John Ferry John Ferry

Can Scotland become Singapore on the Clyde?

(Photo by Russell Cheyne - Pool/Getty Images)

Scottish multi-millionaire Sir Tom Hunter is frustrated. Speaking to the BBC’s Today programme to promote a new report commissioned by his foundation on Scotland’s economy, he said: ‘The general consensus in business up here is that the current government don’t really listen to business. They make policy in isolation, which makes bad policy, and that’s not good enough for Scotland in my opinion.’

Sir Tom, who famously started out selling trainers from the back of a van before going on to make hundreds of millions in retail, wants to see Scotland’s private sector given the tools and assistance it needs to turbo-charge the economy. His paper, produced by consultants Oxford Economics and entitled Raising Scotland’s Economic Growth Rate, aims to stimulate the debate needed to make that happen.

The paper addresses low productivity, poor business birth rate and a lack of success in businesses scaling up, pointing out, for instance, that Scotland’s business birth rate came ninth out of 12 UK nations and regions in 2019. It considers policies under three headings:

  • Increases in government borrowing and/or cuts in interest rates to stimulate stronger growth in demand and hence output
  • Significant tax cuts and deregulation to improve competition and incentives in the economy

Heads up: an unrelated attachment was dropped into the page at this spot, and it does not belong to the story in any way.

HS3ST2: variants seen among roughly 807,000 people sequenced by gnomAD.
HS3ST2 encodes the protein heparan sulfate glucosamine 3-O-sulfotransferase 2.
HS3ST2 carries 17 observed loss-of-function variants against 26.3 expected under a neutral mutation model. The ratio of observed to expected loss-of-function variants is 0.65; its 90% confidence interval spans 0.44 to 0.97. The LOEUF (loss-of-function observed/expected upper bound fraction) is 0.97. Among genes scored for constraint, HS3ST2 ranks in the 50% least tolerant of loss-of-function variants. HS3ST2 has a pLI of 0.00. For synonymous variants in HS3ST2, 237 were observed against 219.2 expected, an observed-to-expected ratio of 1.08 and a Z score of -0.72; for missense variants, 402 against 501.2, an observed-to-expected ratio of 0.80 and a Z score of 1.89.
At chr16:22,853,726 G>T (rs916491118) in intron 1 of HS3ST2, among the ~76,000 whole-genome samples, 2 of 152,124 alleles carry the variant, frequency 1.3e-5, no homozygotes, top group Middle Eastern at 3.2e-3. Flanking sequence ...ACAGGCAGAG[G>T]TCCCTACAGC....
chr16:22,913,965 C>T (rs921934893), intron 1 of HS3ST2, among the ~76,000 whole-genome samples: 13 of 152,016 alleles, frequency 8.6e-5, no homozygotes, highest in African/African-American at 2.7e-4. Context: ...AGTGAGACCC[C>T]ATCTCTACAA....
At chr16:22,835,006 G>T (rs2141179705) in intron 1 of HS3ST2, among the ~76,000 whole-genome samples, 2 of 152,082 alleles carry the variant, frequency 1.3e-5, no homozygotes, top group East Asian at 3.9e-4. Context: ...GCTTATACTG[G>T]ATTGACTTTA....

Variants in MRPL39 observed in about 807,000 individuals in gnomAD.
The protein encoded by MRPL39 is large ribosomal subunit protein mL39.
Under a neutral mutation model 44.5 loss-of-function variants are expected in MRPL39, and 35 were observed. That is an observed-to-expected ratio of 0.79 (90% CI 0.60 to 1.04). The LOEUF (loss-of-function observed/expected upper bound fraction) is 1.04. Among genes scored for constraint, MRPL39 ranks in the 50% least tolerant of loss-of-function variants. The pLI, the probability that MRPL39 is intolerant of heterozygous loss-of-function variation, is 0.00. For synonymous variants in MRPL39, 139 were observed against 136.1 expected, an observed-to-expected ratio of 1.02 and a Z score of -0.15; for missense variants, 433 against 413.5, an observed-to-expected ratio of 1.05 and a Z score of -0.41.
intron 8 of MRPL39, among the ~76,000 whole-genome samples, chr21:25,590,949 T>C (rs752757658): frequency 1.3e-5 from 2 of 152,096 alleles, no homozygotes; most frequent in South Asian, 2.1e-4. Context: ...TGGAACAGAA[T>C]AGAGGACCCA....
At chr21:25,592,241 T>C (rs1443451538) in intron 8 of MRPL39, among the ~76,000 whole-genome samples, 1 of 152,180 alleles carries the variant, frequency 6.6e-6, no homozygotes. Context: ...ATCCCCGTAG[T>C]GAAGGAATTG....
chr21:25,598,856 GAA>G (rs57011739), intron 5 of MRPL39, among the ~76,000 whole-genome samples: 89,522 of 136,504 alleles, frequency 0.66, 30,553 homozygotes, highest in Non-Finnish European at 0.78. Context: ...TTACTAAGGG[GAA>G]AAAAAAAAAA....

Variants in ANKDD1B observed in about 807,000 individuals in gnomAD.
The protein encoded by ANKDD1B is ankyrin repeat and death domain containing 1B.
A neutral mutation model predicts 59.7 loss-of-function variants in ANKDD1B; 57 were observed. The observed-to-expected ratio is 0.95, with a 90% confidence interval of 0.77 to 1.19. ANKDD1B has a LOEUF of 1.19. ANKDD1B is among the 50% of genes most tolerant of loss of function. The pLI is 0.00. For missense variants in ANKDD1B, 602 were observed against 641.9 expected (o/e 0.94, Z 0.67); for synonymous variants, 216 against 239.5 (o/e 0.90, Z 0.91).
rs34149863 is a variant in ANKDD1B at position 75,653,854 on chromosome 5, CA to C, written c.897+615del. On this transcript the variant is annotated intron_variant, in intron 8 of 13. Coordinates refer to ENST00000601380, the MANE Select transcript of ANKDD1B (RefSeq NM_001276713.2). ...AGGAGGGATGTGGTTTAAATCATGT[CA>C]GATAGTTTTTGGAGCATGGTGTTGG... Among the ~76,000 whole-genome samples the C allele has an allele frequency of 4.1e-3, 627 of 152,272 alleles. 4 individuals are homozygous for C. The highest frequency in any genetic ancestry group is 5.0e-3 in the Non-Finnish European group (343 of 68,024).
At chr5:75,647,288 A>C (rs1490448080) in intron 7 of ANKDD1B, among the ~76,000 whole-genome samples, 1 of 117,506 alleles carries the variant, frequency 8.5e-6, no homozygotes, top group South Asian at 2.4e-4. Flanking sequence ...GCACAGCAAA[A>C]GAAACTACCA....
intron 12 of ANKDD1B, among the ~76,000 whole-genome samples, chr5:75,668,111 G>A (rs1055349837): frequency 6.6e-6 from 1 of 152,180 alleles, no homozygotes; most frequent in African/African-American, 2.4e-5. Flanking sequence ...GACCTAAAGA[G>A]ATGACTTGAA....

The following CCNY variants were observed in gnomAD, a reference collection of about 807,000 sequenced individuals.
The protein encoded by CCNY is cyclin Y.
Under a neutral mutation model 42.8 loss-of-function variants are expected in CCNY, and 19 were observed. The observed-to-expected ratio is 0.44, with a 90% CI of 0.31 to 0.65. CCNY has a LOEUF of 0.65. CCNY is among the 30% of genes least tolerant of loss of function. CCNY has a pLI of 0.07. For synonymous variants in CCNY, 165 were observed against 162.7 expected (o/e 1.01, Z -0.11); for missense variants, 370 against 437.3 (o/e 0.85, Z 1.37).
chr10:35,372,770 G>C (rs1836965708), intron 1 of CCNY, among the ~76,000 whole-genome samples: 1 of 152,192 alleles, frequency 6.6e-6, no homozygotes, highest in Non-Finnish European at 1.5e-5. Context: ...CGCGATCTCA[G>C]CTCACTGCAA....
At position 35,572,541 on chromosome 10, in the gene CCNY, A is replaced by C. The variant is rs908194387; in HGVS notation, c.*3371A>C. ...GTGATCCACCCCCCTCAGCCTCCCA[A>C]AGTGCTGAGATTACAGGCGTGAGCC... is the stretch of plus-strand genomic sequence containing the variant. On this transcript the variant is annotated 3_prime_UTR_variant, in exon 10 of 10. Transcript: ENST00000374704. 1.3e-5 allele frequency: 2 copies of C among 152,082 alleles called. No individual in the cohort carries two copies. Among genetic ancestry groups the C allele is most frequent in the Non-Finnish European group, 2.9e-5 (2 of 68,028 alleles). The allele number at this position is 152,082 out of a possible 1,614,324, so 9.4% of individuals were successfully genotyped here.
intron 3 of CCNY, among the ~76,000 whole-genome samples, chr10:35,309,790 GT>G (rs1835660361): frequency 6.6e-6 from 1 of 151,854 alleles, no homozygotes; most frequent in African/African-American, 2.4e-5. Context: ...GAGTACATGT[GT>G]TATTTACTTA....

• Large increases in government support for businesses, either directly or through increased spending on infrastructure, education and skills, innovation, or the green economy.

Scotland’s politics, rather than the structure of the economy, is the major block to change.

The paper is useful in some areas, not so useful in others, and avoids one very big elephant in the room.

It starts by providing an up-to-date, in-depth state-of-the-nation summary of Scotland’s economy. This is useful for highlighting strengths, weaknesses, and in setting the scene for policy discussions. Less useful is the lengthy high-level outline of macroeconomic challenges that could apply to any state, and which seems incongruous in a paper aimed at legislators in a sub-national parliament.

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